Drying, Marching and the Owls of Western Virginia

In the hills of Western Virginia, the worst storm the region had seen in years had passed. The river levels were falling, the roads were drying out and the troops were preparing for battle. While, on Big Sewell Mountain, Generals Lee and Rosecrans scowled at each other across a ravine a mile wide, 100 miles north, Generals Reynolds and Jackson were separated by a dozen miles of treacherous mountain passes.

Following the ill-fated battle of Cheat Mountain, the Confederates returned to their camps. General Loring and his troops had gone south to reinforce Lee at Big Sewell, which left General Henry Jackson with a scant command of six regiments (barely 1,800 men) at Camp Bartow, along the Greenbrier River, near Travellers Repose.

Union General Reynolds ordered an “armed reconnaissance” against the Confederate camp. Not knowing the results of this foray, he ordered his men to have four days of cooked rations in their haversacks.

Around midnight, nine regiments and three batteries of artillery (over 5,000 men) marched east from Cheat Mountain, down the Staunton-Parkersburg Turnpike towards Travellers Repose. As they marched through the thick pine forests, the Union troops heard the haunting calls of the owl, “hoo-hoo… hoo-hoo.” The calls seemed to be relayed from one tree to the next, to the next all the way back to the Rebel camp. Thinking the owls were not what they seemed, many Union men spent the night in fear that the birds were actually Confederate scouts, hooting the coming of Reynold’s Army.5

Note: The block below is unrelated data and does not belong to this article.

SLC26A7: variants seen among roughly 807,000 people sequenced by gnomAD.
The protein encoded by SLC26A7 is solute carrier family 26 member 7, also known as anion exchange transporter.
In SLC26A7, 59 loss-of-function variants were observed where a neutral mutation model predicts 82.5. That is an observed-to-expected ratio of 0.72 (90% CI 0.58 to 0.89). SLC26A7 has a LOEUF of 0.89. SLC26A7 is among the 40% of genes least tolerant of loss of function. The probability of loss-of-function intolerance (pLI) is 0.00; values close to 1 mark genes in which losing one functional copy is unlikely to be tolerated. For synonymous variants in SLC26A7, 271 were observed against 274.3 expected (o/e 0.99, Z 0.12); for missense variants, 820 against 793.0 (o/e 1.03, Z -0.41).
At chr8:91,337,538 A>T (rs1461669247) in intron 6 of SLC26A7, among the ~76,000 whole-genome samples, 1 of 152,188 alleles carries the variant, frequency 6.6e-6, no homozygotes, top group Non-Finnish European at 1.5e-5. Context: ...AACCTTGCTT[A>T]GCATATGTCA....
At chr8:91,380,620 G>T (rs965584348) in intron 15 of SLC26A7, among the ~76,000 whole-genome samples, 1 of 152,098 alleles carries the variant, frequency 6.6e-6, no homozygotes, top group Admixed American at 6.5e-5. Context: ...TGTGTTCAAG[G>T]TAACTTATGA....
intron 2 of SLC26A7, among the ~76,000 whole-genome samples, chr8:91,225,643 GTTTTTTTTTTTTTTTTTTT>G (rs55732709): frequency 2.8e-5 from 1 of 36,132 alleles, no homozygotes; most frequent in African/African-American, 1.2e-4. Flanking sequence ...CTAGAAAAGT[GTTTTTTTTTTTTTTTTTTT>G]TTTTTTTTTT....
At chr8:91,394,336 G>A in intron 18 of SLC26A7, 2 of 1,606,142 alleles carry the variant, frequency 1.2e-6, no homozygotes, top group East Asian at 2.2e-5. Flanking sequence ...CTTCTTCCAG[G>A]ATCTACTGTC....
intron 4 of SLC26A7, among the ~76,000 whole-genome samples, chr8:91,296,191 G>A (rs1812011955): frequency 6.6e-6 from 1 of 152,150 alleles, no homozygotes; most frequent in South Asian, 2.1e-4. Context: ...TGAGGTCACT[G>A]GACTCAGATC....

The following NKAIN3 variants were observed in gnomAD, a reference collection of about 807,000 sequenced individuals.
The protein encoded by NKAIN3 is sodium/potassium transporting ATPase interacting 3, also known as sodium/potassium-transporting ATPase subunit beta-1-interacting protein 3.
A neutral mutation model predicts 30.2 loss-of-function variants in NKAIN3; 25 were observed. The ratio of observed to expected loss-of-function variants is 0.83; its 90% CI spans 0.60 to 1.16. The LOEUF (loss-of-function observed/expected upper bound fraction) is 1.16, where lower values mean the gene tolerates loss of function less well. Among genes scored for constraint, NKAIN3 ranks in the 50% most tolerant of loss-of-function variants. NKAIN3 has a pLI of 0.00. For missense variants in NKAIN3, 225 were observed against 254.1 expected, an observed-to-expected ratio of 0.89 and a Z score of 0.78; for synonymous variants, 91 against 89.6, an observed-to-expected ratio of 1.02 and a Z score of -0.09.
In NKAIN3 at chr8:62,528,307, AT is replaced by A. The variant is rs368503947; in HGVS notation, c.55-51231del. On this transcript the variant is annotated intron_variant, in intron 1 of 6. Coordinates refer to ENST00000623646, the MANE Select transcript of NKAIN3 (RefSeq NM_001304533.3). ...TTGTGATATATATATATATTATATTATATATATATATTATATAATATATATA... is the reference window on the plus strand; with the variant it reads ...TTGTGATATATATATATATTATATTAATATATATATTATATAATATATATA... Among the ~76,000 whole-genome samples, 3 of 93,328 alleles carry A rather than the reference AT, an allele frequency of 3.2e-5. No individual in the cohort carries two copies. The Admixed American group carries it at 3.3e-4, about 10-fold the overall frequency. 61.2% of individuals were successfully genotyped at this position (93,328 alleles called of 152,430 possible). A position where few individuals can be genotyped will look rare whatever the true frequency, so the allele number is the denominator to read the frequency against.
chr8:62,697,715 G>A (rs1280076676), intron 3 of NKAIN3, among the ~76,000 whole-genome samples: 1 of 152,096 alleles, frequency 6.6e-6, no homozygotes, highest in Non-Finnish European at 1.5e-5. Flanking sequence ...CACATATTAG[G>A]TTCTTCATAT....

1. Official Records, Series 1, Vol. 3, p519-520. []
  2. Official Records, Series 1, Vol. 3, p198-199. []
  3. Official Records, Series 1, Vol. 3, p712-713. This information came from a dispatch to General Johnston on the 3rd. It was written, however, at 6am and so can be assumed that Thompson knew and believed this stuff on the 2nd. []
  4. Official Records, Series 1, Vol. 4, p664. []
  5. Rebels at the Gate by Lesser. Also, anyone catch the Twin Peaks reference? []
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Searching for Secessionists in Missouri by CW DG is licensed under a Creative Commons Attribution-NonCommercial-NoDerivs 4.0 International


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2 thoughts on “Searching for Secessionists in Missouri


    The link above, which is to an application for the National Register for Camp Bartow and vicinity has five great old photos of the area, two which show the terrain over which the Union forces attacked. It wasn’t a major battle, but I was impressed in reading the O.R. accounts at Reynolds’ troops being able to cross a river at night, secure a good firing position for artillery (which also had to be brought across), and then keep up a steady fire from a disadvantage in position. Likewise, Jackson had selected a great position and held it well under heavy artillery fire. At this point in the war you can already see some improvement in both command and the bearing of the soldiers.

    Of course, the fearful owl was never entirely subdued by either side.

    1. Thanks so much for the link. Great stuff – I can’t wait to dig through it.

      And you’re right about the evolving ability of the commanders. You really can see it take place on a broad scale. Missouri is a great example of that. The defense of Washington, however, is not (as we’ll soon see with the Battle of Ball’s Bluff).